-6.5
Europe – Southern & Western
19.2

30.3

57.8
Asia
8.1

22.4

176.5
South America
5.5

8.0

45.5
Europe – Ex-USSR
3.1

4.3

38.7
Europe – Eastern
2.0

4.3

115.0
TOTAL
112.3

138.9

23.7

SOURCE Raba Rt

Since the end of Communism, Raba has been the biggest exporter of a Hungarian manufacturer to USA with accumulated sales of $1.5bn since entering the market in 1974. But its annual turnover there, over $100m from 1995 to 1998, dropped to $74.4m in 1999 and $69.6m in 2000, aggravated by a 19.6% contraction in demand last year for heavy vehicles (mainly Class 7 and Class 8 trucks), the company said.


However, Raba is bolstering foreign sales with bold forays into emerging markets like Iran, where its turnover in 2000 approached $20m to VAM Co, a state-owned maker of bus and truck axles.


Axles drive Raba


The Hungarian company exported to 40 countries in 2000, but its main product in most places is axles, accounting last year for 46.4% of sales and 103.9% of pre-tax profit.















































Raba Sales by Activity (HUF m)
1999

% of Total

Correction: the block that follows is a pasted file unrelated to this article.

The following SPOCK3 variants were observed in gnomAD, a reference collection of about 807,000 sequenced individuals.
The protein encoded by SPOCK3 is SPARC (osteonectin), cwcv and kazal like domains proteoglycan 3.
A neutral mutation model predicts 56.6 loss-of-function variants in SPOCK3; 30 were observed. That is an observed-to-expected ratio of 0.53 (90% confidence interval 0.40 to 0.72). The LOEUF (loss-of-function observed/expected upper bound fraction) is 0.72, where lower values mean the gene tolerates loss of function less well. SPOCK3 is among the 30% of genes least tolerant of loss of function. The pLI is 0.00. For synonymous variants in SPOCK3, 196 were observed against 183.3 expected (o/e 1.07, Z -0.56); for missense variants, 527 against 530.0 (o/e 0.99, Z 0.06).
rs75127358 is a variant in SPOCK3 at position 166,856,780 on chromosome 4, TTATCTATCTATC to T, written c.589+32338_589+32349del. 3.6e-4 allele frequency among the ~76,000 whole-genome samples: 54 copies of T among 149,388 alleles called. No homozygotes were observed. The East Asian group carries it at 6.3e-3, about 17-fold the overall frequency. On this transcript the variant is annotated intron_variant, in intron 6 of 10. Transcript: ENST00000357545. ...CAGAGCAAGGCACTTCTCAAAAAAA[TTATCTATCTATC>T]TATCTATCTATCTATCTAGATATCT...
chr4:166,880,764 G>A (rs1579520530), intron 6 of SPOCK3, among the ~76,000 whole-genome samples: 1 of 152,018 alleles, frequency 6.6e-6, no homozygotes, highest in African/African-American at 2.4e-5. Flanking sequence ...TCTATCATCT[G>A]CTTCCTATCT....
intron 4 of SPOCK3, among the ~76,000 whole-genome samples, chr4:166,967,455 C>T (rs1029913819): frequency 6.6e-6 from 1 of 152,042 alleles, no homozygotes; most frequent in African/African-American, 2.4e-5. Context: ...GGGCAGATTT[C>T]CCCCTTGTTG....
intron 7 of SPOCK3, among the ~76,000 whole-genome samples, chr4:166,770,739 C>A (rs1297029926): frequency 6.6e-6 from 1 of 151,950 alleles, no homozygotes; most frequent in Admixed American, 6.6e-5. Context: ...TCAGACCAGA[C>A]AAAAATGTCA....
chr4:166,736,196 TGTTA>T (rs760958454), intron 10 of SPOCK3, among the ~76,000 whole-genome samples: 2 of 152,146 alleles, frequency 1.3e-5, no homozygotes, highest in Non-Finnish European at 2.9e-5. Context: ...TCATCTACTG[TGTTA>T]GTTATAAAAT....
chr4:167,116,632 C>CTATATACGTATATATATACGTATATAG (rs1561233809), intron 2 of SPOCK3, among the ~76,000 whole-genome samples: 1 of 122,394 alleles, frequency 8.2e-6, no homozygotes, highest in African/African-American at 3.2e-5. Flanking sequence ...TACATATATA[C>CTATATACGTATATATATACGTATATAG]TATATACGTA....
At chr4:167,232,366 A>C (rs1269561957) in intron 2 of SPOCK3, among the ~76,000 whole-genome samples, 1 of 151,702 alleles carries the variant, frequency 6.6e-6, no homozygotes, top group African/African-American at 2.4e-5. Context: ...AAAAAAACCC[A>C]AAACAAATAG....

2000

% of Total
Axles
27,185

48.9

37,110

46.4
Auto parts
11,513

20.7

16,607

20.8
Vehicles
4,642

8.4

5,975

7.5
Engines
4,145

7.5

5,310

6.6
Other
8,066

14.5

14,980

18.7
TOTAL
55,551

100.0

79,982

100.0

SOURCE Raba Rt

Axle technology is increasingly expensive and sophisticated, but Raba continues to innovate. It has been developing axles for special-purpose vehicles, and it is selling a new design of wet-brake machine axles to several customers in Western Europe.




































































Raba Results – Business Units (HUF m)
Axles

Auto Parts

Engines

Vehicles

Other
Profit – Operating
5,464

682

491

87

-474
Profit – Financial
-686

-225

-32

-41

1,292
Profit – Ordinary
4,778

457

458

46

818
Profit – Extraordinary
-328

-115

-76

-4

1,040
Profit – Pre Tax
4,450

342

382

42

1,858
Net Sales
37,110

16,607

5,310

5,975

14,980
Export
31,202

4,565

1,194

34

1,868
Domestic
5,908

12,042

4,116

5,940

13,112

SOURCE Raba Rt

Output of engines and vehicles, though unlikely to return to artificial highs under the planned economy of the Soviet era, is growing moderately, and prospects could brighten. Raba is seeing a surge in demand throughout Eastern Europe to replace its ageing motors, notably in Romania and former Yugoslavia.